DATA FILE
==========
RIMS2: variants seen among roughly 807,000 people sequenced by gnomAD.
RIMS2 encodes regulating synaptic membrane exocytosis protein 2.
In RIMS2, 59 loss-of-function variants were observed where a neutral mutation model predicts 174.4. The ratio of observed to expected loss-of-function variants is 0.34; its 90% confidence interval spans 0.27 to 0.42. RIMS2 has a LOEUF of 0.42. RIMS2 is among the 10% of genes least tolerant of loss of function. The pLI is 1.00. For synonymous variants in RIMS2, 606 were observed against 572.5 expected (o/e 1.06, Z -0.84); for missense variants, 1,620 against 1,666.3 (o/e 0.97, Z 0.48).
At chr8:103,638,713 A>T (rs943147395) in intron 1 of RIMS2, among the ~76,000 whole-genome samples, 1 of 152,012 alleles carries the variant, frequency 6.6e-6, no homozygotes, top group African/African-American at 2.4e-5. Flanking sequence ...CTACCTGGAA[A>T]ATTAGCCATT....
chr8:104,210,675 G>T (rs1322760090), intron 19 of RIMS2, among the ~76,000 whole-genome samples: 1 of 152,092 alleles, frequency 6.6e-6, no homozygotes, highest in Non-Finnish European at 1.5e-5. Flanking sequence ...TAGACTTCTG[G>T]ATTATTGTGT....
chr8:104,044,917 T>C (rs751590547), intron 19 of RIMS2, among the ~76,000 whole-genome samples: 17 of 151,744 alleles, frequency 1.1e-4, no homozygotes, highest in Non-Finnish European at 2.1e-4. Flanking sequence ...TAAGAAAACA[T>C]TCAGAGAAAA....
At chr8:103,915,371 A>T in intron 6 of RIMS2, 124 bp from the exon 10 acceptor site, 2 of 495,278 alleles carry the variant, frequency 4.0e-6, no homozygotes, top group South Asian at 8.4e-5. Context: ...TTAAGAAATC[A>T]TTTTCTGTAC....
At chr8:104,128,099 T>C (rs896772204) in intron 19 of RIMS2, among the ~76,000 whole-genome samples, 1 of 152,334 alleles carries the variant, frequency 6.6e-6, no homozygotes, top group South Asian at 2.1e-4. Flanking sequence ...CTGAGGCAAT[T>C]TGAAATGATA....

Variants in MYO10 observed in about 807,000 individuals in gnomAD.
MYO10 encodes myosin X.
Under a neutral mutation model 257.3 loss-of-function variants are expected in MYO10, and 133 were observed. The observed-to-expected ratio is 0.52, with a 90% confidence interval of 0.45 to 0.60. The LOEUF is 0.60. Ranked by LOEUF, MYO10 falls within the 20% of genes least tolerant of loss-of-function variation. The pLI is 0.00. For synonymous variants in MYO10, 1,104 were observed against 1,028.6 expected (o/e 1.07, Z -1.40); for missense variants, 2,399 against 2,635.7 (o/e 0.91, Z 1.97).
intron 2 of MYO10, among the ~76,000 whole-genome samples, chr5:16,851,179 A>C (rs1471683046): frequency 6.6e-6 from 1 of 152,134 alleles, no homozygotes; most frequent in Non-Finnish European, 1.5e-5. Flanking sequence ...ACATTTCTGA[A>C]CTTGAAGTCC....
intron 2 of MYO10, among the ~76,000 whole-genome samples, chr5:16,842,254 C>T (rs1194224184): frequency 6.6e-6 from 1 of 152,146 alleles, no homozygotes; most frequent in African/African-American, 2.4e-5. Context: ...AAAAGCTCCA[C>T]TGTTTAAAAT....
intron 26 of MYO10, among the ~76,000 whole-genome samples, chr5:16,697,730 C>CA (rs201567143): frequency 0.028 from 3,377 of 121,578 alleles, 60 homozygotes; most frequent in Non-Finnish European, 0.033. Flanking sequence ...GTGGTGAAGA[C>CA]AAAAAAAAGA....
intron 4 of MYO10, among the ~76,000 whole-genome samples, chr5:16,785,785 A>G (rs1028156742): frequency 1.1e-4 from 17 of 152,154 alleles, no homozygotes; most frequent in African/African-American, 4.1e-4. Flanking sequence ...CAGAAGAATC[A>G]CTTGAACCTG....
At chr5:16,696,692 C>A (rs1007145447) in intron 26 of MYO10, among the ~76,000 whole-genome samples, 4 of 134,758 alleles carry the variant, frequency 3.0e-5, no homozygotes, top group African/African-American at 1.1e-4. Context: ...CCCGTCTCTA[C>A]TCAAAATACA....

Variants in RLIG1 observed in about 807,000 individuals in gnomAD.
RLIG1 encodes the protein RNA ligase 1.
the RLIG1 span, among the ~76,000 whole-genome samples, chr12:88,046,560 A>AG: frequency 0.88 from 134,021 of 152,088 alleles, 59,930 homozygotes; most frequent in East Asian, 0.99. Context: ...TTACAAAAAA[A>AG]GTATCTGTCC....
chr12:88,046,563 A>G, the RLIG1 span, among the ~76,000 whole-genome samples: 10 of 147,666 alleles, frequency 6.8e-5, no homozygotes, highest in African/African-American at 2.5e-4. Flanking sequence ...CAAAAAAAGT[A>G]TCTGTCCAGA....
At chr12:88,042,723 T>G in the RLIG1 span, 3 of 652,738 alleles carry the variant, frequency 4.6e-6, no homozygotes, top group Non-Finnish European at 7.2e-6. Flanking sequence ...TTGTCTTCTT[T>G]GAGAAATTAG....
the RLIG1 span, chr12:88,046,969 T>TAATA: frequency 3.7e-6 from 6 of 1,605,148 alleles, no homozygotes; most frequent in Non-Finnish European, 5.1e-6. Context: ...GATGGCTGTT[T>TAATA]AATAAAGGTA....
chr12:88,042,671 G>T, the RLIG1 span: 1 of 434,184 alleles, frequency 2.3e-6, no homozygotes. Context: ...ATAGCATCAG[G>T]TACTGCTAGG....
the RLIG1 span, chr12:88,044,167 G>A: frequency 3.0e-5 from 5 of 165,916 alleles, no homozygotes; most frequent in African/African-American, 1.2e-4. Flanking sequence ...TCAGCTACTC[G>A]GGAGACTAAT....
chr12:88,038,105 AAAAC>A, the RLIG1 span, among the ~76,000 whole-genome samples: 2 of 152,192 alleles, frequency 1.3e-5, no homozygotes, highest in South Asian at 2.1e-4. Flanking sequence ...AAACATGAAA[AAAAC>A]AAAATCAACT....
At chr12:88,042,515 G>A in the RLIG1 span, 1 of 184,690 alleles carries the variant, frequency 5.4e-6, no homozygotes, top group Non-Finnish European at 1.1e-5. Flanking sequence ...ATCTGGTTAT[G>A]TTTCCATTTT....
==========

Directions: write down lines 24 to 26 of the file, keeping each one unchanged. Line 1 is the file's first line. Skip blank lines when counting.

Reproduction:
the RLIG1 span, chr12:88,044,167 G>A: frequency 3.0e-5 from 5 of 165,916 alleles, no homozygotes; most frequent in African/African-American, 1.2e-4. Flanking sequence ...TCAGCTACTC[G>A]GGAGACTAAT....
chr12:88,038,105 AAAAC>A, the RLIG1 span, among the ~76,000 whole-genome samples: 2 of 152,192 alleles, frequency 1.3e-5, no homozygotes, highest in South Asian at 2.1e-4. Flanking sequence ...AAACATGAAA[AAAAC>A]AAAATCAACT....
At chr12:88,042,515 G>A in the RLIG1 span, 1 of 184,690 alleles carries the variant, frequency 5.4e-6, no homozygotes, top group Non-Finnish European at 1.1e-5. Flanking sequence ...ATCTGGTTAT[G>A]TTTCCATTTT....